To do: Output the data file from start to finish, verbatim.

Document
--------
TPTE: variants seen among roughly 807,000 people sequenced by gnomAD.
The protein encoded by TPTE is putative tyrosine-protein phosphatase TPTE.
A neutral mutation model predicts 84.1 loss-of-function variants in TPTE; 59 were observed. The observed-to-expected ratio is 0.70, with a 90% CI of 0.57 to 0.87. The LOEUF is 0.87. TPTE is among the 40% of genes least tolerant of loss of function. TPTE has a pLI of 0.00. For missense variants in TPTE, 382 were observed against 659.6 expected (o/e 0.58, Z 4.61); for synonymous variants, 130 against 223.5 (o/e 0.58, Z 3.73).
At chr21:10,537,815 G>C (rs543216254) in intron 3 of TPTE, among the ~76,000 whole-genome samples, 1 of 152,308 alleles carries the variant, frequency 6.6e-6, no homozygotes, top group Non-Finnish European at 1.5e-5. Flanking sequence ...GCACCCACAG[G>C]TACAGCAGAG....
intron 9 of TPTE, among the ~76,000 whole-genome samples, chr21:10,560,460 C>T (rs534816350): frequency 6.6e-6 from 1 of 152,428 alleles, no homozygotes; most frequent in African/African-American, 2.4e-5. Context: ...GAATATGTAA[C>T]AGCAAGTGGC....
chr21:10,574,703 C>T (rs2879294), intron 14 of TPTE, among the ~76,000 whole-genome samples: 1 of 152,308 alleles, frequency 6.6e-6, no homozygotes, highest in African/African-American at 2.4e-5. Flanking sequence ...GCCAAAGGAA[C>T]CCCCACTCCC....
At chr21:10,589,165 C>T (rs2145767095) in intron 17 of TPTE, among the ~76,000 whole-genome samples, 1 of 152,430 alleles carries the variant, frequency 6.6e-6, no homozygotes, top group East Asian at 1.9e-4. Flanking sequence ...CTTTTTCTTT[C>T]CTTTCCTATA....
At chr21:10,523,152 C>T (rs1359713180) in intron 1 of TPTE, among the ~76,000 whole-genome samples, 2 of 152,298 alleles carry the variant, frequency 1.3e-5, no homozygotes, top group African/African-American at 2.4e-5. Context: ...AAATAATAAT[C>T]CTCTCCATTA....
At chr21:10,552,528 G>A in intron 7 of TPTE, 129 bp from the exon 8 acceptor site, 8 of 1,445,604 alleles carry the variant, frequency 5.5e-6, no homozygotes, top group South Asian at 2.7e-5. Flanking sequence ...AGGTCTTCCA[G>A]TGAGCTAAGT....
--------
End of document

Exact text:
TPTE: variants seen among roughly 807,000 people sequenced by gnomAD.
The protein encoded by TPTE is putative tyrosine-protein phosphatase TPTE.
A neutral mutation model predicts 84.1 loss-of-function variants in TPTE; 59 were observed. The observed-to-expected ratio is 0.70, with a 90% CI of 0.57 to 0.87. The LOEUF is 0.87. TPTE is among the 40% of genes least tolerant of loss of function. TPTE has a pLI of 0.00. For missense variants in TPTE, 382 were observed against 659.6 expected (o/e 0.58, Z 4.61); for synonymous variants, 130 against 223.5 (o/e 0.58, Z 3.73).
At chr21:10,537,815 G>C (rs543216254) in intron 3 of TPTE, among the ~76,000 whole-genome samples, 1 of 152,308 alleles carries the variant, frequency 6.6e-6, no homozygotes, top group Non-Finnish European at 1.5e-5. Flanking sequence ...GCACCCACAG[G>C]TACAGCAGAG....
intron 9 of TPTE, among the ~76,000 whole-genome samples, chr21:10,560,460 C>T (rs534816350): frequency 6.6e-6 from 1 of 152,428 alleles, no homozygotes; most frequent in African/African-American, 2.4e-5. Context: ...GAATATGTAA[C>T]AGCAAGTGGC....
chr21:10,574,703 C>T (rs2879294), intron 14 of TPTE, among the ~76,000 whole-genome samples: 1 of 152,308 alleles, frequency 6.6e-6, no homozygotes, highest in African/African-American at 2.4e-5. Flanking sequence ...GCCAAAGGAA[C>T]CCCCACTCCC....
At chr21:10,589,165 C>T (rs2145767095) in intron 17 of TPTE, among the ~76,000 whole-genome samples, 1 of 152,430 alleles carries the variant, frequency 6.6e-6, no homozygotes, top group East Asian at 1.9e-4. Flanking sequence ...CTTTTTCTTT[C>T]CTTTCCTATA....
At chr21:10,523,152 C>T (rs1359713180) in intron 1 of TPTE, among the ~76,000 whole-genome samples, 2 of 152,298 alleles carry the variant, frequency 1.3e-5, no homozygotes, top group African/African-American at 2.4e-5. Context: ...AAATAATAAT[C>T]CTCTCCATTA....
At chr21:10,552,528 G>A in intron 7 of TPTE, 129 bp from the exon 8 acceptor site, 8 of 1,445,604 alleles carry the variant, frequency 5.5e-6, no homozygotes, top group South Asian at 2.7e-5. Flanking sequence ...AGGTCTTCCA[G>A]TGAGCTAAGT....